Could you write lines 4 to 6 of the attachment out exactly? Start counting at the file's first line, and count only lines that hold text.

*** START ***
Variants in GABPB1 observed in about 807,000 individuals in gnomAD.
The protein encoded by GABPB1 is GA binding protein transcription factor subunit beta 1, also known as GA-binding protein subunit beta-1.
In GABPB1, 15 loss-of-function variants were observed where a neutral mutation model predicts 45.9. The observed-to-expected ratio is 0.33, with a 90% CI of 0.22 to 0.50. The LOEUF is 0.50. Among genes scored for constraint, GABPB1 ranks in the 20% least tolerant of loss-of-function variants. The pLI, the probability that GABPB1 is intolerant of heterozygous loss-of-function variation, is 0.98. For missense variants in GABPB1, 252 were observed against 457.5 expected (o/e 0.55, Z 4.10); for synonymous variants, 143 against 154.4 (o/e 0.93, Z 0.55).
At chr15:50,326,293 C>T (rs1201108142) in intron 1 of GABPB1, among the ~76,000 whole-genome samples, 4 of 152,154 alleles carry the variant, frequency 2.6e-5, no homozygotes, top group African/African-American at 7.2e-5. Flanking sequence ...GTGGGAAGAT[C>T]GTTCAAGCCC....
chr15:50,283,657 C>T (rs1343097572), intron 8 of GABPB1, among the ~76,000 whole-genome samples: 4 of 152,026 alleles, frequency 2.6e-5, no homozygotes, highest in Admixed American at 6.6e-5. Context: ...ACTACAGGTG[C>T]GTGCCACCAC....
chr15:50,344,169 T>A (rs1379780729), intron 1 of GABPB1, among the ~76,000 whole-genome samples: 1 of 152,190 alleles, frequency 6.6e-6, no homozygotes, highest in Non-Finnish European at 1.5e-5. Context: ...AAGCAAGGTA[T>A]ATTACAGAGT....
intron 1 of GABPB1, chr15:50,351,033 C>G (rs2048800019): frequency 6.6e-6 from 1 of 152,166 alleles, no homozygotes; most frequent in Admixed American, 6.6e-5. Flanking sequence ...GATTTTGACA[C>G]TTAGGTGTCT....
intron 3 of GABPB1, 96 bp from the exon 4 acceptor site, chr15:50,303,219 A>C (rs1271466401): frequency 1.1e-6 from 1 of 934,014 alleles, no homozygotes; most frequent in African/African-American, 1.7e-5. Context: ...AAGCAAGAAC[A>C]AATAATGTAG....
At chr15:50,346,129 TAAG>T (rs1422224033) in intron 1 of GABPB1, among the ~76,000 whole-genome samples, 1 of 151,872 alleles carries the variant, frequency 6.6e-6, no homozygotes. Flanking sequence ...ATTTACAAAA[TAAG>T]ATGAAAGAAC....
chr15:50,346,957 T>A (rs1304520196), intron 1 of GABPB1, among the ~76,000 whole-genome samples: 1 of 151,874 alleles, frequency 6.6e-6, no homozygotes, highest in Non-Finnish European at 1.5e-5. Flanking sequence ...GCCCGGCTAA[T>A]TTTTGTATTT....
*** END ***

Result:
At chr15:50,326,293 C>T (rs1201108142) in intron 1 of GABPB1, among the ~76,000 whole-genome samples, 4 of 152,154 alleles carry the variant, frequency 2.6e-5, no homozygotes, top group African/African-American at 7.2e-5. Flanking sequence ...GTGGGAAGAT[C>T]GTTCAAGCCC....
chr15:50,283,657 C>T (rs1343097572), intron 8 of GABPB1, among the ~76,000 whole-genome samples: 4 of 152,026 alleles, frequency 2.6e-5, no homozygotes, highest in Admixed American at 6.6e-5. Context: ...ACTACAGGTG[C>T]GTGCCACCAC....
chr15:50,344,169 T>A (rs1379780729), intron 1 of GABPB1, among the ~76,000 whole-genome samples: 1 of 152,190 alleles, frequency 6.6e-6, no homozygotes, highest in Non-Finnish European at 1.5e-5. Context: ...AAGCAAGGTA[T>A]ATTACAGAGT....